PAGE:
My Darling looks at issues that the youth usually stumble upon, has to ponder and consider, and be knowledgeable of, such as courtship, meaning of life, and human sexuality.

The novel also poses the fears and tendencies that might be realized in the colorful and abstract painting of adolescence. It shows the complexities of teenage life, especially around a deep relationship at a stage as early as teenagehood. You, like I do, may not be that type of teenager, being engaged into a sort of "dating" or "boyfriend-girlfriend" thing; but we can learn a lot from this.

I admit, as I read this story, that it shows a lot of that romantic stuff—kiss here, kiss there, hang out here, hang out there—which I feel is too early for adolescence. But in continuing the story, the pictures become clearer and realer.

You may go into fantasy reading the romantic conquests of girls and boys in Wattpad fiction, but in "gems" like this you may capture some fantasy, but the reality will actually show up.

Until its wonderful end, it's worth reading and thinking about. The most notable I've learned from the book is this: you have a choice, and you have to be responsible for that, so make smart ones.

I just hope novels like this get republished. My Darling, My Hamburger is an example of the types of fiction present YA readers need to read, and maybe may find valuable.

Adrian The Silent


I know it in myself. I cannot deny it. Many people, especially very close friends in high school, see me as a talkative (at the least) and engaging guy. By timing and exposure, I get to speak and talk and converse among people. Yet, many still have an impression of me as the opposite, and I don't deny that.

At many circumstances, I'm silent. Quiet. Static. Loner. But, silent is the best term I'll accept.

Perhaps this is one of my marks of being a writer; a mark making my desire for writing really fit to me; perhaps the reason why I'm inclined to make my voice heard through written words rather than spoken ones.

But, believe me, I want to break that silence.

I've already did that before, but I want to do it again. I seek to break the barriers that are still there, and have more connections while still being myself.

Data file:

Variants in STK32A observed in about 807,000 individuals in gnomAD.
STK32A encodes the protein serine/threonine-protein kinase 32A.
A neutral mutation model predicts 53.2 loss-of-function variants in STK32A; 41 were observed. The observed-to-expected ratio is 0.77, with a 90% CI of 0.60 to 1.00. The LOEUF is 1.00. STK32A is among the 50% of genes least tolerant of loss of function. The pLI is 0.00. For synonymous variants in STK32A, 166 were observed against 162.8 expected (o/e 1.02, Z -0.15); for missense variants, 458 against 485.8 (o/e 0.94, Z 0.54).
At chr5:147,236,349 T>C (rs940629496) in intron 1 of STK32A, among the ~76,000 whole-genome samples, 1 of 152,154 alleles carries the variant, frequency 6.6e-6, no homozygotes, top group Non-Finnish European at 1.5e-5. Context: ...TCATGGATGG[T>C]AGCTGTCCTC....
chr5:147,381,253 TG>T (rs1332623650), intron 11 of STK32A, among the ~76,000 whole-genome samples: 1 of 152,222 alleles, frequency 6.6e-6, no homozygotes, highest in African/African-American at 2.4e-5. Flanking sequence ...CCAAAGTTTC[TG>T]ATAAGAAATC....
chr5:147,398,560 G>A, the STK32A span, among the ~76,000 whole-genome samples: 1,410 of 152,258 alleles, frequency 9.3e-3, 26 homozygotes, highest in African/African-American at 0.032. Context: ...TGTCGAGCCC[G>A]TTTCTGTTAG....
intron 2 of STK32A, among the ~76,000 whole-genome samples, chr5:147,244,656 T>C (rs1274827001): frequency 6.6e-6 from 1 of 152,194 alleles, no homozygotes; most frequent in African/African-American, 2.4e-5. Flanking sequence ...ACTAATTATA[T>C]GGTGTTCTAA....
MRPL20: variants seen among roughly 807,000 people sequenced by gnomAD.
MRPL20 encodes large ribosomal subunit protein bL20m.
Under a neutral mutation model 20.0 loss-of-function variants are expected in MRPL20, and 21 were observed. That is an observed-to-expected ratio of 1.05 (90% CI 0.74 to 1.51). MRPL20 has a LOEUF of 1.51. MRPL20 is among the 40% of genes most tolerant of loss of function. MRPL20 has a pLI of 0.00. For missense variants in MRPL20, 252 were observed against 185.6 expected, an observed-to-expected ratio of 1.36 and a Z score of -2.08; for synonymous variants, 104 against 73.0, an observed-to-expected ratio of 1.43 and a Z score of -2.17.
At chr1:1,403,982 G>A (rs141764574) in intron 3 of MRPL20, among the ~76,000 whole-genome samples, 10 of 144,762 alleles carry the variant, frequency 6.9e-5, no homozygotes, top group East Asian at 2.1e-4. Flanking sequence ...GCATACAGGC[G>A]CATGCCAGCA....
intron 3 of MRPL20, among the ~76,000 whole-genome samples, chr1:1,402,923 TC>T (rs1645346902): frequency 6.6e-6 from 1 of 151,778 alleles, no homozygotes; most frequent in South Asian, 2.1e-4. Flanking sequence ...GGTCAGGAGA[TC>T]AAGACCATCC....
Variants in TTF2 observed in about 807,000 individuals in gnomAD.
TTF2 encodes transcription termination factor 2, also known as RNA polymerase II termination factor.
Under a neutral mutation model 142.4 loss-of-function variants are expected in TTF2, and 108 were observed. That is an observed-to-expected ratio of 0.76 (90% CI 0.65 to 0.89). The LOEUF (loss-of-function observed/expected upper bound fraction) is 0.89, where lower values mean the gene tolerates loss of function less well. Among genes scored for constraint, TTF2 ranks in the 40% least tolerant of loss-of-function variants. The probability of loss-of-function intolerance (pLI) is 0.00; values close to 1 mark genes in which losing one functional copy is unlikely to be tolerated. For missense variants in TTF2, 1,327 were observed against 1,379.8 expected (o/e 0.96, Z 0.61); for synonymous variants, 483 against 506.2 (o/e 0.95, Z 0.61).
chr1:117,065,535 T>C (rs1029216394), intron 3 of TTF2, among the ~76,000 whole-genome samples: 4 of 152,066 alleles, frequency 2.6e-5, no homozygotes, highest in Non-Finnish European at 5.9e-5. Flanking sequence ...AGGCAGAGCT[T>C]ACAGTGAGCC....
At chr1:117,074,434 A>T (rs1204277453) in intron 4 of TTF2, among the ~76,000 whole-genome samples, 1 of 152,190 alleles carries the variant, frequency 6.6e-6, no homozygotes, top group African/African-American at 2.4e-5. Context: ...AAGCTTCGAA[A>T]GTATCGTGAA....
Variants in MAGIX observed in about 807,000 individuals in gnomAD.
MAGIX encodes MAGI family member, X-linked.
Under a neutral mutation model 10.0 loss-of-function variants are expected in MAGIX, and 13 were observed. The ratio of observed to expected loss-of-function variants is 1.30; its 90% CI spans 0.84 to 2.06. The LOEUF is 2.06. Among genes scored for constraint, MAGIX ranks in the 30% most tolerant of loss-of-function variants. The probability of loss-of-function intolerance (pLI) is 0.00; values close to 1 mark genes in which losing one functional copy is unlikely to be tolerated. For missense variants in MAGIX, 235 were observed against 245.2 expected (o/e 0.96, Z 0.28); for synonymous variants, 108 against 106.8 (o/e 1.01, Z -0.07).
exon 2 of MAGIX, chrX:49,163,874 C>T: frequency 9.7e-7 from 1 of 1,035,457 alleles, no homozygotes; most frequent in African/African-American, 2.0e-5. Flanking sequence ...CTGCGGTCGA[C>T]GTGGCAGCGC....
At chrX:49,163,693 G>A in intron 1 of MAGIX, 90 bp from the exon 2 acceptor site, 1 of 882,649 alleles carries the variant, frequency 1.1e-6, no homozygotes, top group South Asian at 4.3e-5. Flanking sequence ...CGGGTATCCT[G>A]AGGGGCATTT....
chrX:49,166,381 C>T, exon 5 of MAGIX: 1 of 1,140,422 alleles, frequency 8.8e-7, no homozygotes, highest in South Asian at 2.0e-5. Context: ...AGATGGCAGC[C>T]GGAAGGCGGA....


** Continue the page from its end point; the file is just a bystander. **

I've recently heard and learned that it is said that there are 4 personalities in general: sanguine, phlegmatic, choleric, and melancholic. I am sure that out of those four I'm the melancholic type, though I'm not always depressed.

The fact that I'm under the melancholic type of personality is a part of the revelation of who I uniquely am. The way I am wired is different from very enthusiastic and ready-to-mingle people. That doesn't hinder me, however, from opening ways to get connected to people and create friendship. As of this writing, I'm more convinced about that.

With that melancholic personality, it is supplementary that I'm often timid. Therefore, I have to brave myself when getting into different crowds wherein I'm expected to socialize.

I observed as well that what holds me back from getting connected is fear: fear of being rejected, of being misunderstood, of being ignored, of being cast away, even of getting too far in many ways (e.g.: bad behavior). But now as I write this, I'm more assured that these fears shall not be permitted. I'm now surer that I need courage to break the silence.

There are times when I prefer to be alone, and most of the time I'm fine at solitude(which is, most of the time, a must on writing). I cannot stay like that always, though. Humans need other humans. People need other people. And usually, the need is met by breaking the silence.

I sometimes think of myself as a radio. Stations are already operating whether the set is on or off. But for you to hear the voices or the sounds, you have to turn it on.

In this matter, I find it gross to use the term "turn on". Nevertheless, my line is always open, and you can drop by. Either you or I start the talk, creating an atmosphere of connection and camaraderie, and hopefully a friendship will be built.